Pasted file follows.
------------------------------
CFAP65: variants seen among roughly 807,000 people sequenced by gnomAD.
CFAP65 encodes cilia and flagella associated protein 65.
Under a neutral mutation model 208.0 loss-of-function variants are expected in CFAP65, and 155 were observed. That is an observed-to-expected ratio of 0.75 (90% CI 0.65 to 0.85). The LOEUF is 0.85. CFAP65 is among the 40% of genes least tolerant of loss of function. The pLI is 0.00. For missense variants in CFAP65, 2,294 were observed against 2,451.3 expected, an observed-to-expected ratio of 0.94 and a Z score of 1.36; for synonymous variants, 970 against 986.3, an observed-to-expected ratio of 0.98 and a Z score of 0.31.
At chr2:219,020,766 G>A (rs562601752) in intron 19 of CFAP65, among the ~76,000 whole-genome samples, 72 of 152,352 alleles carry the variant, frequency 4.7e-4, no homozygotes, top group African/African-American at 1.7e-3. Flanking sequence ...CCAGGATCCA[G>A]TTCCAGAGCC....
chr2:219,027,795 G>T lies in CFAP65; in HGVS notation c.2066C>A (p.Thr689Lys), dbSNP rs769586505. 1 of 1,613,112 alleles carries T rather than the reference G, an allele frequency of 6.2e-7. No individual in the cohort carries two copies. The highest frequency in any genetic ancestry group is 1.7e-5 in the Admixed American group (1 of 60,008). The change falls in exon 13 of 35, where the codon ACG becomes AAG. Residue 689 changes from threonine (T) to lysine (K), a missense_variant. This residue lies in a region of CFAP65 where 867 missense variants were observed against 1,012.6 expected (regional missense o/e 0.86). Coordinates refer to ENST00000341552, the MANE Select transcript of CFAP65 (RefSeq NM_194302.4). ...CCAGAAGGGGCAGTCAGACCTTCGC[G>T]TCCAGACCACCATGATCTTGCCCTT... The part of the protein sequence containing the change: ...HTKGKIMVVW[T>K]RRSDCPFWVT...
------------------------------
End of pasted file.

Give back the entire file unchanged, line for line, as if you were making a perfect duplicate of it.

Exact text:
CFAP65: variants seen among roughly 807,000 people sequenced by gnomAD.
CFAP65 encodes cilia and flagella associated protein 65.
Under a neutral mutation model 208.0 loss-of-function variants are expected in CFAP65, and 155 were observed. That is an observed-to-expected ratio of 0.75 (90% CI 0.65 to 0.85). The LOEUF is 0.85. CFAP65 is among the 40% of genes least tolerant of loss of function. The pLI is 0.00. For missense variants in CFAP65, 2,294 were observed against 2,451.3 expected, an observed-to-expected ratio of 0.94 and a Z score of 1.36; for synonymous variants, 970 against 986.3, an observed-to-expected ratio of 0.98 and a Z score of 0.31.
At chr2:219,020,766 G>A (rs562601752) in intron 19 of CFAP65, among the ~76,000 whole-genome samples, 72 of 152,352 alleles carry the variant, frequency 4.7e-4, no homozygotes, top group African/African-American at 1.7e-3. Flanking sequence ...CCAGGATCCA[G>A]TTCCAGAGCC....
chr2:219,027,795 G>T lies in CFAP65; in HGVS notation c.2066C>A (p.Thr689Lys), dbSNP rs769586505. 1 of 1,613,112 alleles carries T rather than the reference G, an allele frequency of 6.2e-7. No individual in the cohort carries two copies. The highest frequency in any genetic ancestry group is 1.7e-5 in the Admixed American group (1 of 60,008). The change falls in exon 13 of 35, where the codon ACG becomes AAG. Residue 689 changes from threonine (T) to lysine (K), a missense_variant. This residue lies in a region of CFAP65 where 867 missense variants were observed against 1,012.6 expected (regional missense o/e 0.86). Coordinates refer to ENST00000341552, the MANE Select transcript of CFAP65 (RefSeq NM_194302.4). ...CCAGAAGGGGCAGTCAGACCTTCGC[G>T]TCCAGACCACCATGATCTTGCCCTT... The part of the protein sequence containing the change: ...HTKGKIMVVW[T>K]RRSDCPFWVT...